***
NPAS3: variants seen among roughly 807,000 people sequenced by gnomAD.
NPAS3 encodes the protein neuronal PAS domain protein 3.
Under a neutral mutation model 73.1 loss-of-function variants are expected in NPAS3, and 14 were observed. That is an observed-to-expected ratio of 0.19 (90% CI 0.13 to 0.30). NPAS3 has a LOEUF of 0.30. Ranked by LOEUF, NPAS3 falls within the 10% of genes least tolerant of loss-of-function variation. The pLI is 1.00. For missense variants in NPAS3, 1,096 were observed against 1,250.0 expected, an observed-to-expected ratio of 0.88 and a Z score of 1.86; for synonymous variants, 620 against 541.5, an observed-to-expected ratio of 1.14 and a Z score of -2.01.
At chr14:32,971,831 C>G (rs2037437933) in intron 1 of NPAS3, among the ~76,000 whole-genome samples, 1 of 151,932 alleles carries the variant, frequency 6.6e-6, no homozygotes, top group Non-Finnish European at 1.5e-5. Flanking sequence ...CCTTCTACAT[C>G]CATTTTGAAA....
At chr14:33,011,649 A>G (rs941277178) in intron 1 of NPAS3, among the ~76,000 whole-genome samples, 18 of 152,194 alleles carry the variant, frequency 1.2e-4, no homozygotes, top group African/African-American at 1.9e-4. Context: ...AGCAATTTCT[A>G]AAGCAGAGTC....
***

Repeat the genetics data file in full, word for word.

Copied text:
NPAS3: variants seen among roughly 807,000 people sequenced by gnomAD.
NPAS3 encodes the protein neuronal PAS domain protein 3.
Under a neutral mutation model 73.1 loss-of-function variants are expected in NPAS3, and 14 were observed. That is an observed-to-expected ratio of 0.19 (90% CI 0.13 to 0.30). NPAS3 has a LOEUF of 0.30. Ranked by LOEUF, NPAS3 falls within the 10% of genes least tolerant of loss-of-function variation. The pLI is 1.00. For missense variants in NPAS3, 1,096 were observed against 1,250.0 expected, an observed-to-expected ratio of 0.88 and a Z score of 1.86; for synonymous variants, 620 against 541.5, an observed-to-expected ratio of 1.14 and a Z score of -2.01.
At chr14:32,971,831 C>G (rs2037437933) in intron 1 of NPAS3, among the ~76,000 whole-genome samples, 1 of 151,932 alleles carries the variant, frequency 6.6e-6, no homozygotes, top group Non-Finnish European at 1.5e-5. Flanking sequence ...CCTTCTACAT[C>G]CATTTTGAAA....
At chr14:33,011,649 A>G (rs941277178) in intron 1 of NPAS3, among the ~76,000 whole-genome samples, 18 of 152,194 alleles carry the variant, frequency 1.2e-4, no homozygotes, top group African/African-American at 1.9e-4. Context: ...AGCAATTTCT[A>G]AAGCAGAGTC....